LONDON -- Adidas says it is investigating allegations of inappropriate workplace conduct by the rapper formerly known as Kanye West that ex-employees made in an anonymous letter also accusing the German sportswear brand of looking the other way.
Adidas, which made his Yeezy line, cut ties with Ye last month over his offensive and antisemitic remarks after facing pressure to follow other brands and companies in ending partnerships with the rapper. It said it expected to take a hit of 250 million euros ($246 million) to its net income this year from the move.
Ye was suspended from Twitter and Instagram over his remarks but has been back tweeting this month.
Rolling Stone has reported that it spoke to more than two dozen former Yeezy and Adidas workers and obtained a letter from several former Yeezy employees to the sportswear company alleging that Ye created a toxic work environment by showing sexual photos and videos in meetings, making vulgar comments and bullying the people who worked for him. All the former employees spoke to the magazine on condition of anonymity.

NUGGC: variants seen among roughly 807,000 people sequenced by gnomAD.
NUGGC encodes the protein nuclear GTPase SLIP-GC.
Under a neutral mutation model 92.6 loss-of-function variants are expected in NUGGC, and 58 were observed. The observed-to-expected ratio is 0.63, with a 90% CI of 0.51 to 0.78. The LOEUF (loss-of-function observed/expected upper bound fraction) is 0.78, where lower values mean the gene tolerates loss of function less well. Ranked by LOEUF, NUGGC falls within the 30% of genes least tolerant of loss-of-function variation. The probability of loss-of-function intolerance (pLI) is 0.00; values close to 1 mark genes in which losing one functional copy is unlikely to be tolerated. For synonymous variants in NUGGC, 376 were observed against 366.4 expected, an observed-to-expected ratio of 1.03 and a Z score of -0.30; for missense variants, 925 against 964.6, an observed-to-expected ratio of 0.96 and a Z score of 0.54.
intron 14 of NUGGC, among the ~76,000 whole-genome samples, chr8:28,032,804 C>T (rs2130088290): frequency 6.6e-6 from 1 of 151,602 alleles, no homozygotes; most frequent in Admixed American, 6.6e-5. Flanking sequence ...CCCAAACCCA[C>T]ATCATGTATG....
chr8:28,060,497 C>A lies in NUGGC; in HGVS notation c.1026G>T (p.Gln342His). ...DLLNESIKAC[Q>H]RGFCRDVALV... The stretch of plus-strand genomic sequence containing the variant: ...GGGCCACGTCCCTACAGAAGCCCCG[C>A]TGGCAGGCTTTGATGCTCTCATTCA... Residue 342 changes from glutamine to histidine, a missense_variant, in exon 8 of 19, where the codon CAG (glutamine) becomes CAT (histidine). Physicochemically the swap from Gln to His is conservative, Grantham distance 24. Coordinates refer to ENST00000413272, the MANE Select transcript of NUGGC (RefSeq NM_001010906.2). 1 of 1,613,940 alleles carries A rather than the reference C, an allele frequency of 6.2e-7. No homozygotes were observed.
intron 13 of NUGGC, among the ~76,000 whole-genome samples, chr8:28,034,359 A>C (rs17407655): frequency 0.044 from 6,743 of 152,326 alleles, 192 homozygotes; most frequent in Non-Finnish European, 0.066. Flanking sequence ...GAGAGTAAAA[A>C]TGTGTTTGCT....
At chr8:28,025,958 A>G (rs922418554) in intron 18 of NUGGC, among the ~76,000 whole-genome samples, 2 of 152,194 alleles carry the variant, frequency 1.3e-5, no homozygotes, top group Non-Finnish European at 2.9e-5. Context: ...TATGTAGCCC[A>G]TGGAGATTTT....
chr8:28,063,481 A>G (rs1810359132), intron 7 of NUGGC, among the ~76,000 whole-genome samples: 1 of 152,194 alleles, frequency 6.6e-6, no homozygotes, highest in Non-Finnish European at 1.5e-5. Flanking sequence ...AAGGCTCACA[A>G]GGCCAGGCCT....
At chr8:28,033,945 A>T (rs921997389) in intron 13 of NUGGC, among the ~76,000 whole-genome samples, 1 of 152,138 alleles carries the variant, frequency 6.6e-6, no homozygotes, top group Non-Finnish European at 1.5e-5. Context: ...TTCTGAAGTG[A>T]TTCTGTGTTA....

The letter accused the company of knowing about the problematic behavior and failing to protect employees.
“It is currently not clear whether the accusations made in an anonymous letter are true. However, we take these allegations very seriously and have taken the decision to launch an independent investigation of the matter immediately to address the allegations," Claudia Lange, head of media relations for Adidas, said in a statement Friday.
She said the company was not sharing more details about the investigation for now.
Ye's last known music and personal representatives didn’t immediately respond to emails seeking comment.
Adidas also addressed Ye's previous remarks that led the company to sever its relationship with him, saying Friday that it “does not tolerate hate speech and offensive behavior and therefore has terminated the adidas Yeezy partnership."
“We have been and continue to be actively engaged in conversations with our employees about the events that lead (sic) to our decision to end the partnership," Lange said in the statement. “They have our full support and as we’re working through the details of the termination."
The company, which named a new CEO this month in a sped-up timeline for a power transfer, said it owns the rights to product designs except for the Yeezy name and is developing plans for what to do with existing inventory.